National Review’s Eliana Johnson has been doing yeoman’s work in her short tenure at the prestigious conservative site. Today she released another blockbuster that sheds light on one of the Democrats more promising midterm recruits.
Johnson caught win of a confidential campaign plan for Georgia Senate candidate Michelle Nunn that details all of her strengths along with many, many weaknesses. It also classifies various Americans by race, religion and orientation:
The campaign’s finance plan draws attention to the “tremendous financial opportunity” in the Jewish community and identifies Jews as key fundraisers. It notes, however, that “Michelle’s position on Israel will largely determine the level of support here.” That’s a position she has yet to articulate, and Israel goes unmentioned on her campaign website.
Asians are also identified as key fundraisers. The community is described as “very tight,” one in which people work to “become citizens quickly.” Nunn’s strategists also say there is a “huge opportunity” to raise money from gays, bisexuals, and transgender individuals, who are described as having “substantial resources.”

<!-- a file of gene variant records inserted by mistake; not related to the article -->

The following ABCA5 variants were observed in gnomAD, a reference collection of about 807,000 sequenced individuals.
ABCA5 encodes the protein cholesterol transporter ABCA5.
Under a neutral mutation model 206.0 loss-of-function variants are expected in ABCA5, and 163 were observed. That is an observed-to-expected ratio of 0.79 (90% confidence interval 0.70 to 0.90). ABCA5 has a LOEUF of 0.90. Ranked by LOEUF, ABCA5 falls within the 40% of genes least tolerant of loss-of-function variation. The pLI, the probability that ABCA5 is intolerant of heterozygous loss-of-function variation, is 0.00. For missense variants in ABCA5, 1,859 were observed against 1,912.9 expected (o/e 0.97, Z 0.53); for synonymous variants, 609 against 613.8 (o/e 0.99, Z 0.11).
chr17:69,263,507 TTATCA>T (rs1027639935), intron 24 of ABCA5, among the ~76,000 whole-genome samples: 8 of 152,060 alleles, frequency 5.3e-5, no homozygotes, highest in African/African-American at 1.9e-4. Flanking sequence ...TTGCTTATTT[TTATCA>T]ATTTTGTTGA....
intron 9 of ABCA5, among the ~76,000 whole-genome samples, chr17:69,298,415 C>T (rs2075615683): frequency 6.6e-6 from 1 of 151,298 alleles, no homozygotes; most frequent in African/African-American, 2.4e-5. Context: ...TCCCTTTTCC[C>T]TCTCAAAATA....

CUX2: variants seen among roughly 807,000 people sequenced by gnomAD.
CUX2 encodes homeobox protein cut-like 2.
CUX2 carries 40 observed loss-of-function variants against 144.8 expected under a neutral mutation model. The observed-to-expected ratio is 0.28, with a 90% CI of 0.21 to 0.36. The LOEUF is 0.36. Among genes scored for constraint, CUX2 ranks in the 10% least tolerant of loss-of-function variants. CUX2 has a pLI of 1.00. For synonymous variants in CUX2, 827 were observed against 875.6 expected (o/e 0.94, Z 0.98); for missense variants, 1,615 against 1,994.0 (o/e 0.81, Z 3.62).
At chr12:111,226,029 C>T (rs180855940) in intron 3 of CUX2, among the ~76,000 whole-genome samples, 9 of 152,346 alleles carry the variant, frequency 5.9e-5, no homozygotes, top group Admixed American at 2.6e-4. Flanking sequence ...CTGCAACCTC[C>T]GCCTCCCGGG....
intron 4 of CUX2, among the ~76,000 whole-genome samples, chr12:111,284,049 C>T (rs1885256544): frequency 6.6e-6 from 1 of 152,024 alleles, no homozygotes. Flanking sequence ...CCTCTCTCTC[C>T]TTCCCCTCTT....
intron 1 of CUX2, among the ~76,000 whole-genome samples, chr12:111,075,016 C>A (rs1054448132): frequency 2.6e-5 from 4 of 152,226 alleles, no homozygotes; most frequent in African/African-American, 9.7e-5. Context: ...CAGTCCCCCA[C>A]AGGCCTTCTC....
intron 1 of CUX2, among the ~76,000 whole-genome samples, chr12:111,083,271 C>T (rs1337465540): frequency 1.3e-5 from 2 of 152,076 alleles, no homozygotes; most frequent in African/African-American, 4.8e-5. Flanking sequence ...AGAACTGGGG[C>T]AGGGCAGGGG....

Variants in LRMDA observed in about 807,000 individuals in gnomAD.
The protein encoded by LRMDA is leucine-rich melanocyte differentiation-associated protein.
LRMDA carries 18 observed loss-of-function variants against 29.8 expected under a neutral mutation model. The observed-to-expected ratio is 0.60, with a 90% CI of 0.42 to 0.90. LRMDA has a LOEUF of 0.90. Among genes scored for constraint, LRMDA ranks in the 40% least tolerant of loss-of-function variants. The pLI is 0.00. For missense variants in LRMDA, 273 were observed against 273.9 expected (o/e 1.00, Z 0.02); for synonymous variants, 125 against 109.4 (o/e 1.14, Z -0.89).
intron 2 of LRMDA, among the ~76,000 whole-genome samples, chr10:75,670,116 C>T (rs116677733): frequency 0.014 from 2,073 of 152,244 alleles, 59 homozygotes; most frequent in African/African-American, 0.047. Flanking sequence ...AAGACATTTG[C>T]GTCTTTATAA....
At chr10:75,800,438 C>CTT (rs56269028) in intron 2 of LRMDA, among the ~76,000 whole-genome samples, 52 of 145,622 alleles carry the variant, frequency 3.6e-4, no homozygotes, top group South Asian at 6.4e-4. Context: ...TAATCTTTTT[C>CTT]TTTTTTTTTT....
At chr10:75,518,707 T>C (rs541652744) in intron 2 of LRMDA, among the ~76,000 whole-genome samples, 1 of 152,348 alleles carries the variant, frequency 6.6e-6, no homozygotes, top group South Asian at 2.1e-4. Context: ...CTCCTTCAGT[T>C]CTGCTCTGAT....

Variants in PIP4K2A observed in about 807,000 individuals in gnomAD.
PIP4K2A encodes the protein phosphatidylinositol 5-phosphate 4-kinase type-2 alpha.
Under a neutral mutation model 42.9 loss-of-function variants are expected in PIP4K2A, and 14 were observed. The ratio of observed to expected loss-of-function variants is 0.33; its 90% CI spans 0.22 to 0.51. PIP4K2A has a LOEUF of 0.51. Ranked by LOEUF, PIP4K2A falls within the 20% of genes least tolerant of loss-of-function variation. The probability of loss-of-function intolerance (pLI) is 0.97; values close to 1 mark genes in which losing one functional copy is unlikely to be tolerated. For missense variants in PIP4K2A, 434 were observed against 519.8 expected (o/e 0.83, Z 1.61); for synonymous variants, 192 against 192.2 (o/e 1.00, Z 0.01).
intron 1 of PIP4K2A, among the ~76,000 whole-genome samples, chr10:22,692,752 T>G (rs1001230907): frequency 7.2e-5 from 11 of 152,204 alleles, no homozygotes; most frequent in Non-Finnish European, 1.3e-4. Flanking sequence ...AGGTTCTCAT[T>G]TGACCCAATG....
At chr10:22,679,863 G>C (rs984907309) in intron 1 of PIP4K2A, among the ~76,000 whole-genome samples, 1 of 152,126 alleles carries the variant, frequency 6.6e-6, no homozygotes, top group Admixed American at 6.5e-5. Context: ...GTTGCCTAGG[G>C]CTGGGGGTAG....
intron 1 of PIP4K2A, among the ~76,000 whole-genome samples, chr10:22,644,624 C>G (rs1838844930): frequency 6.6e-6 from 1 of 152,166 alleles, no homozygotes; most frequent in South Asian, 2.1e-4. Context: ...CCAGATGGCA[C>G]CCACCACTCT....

Unsurprisingly, Team Nunn views local journalists as in the tank for Democrats:
Her strategists are optimistic that the media won’t prove much of an obstacle. They write that at some point her opponent, who at the time the document was written had yet to be determined, will be “shoveling research” against her. But they say they anticipate they will often have “fair warning” about negative news stories and can work to “kill or muddy” them.
“I would love to know what kind of already-formed relationships they have in Atlanta and even in the national media that they’re planning on using as sources and conduits of information,” Swint says. “It’s certainly interesting to see it in writing like that.”
To get some great insight into the inner workings of a modern campaign, read the whole thing. What do our Georgian Ricochetti think? Will this hurt the Nunn campaign and what are her chances anyway?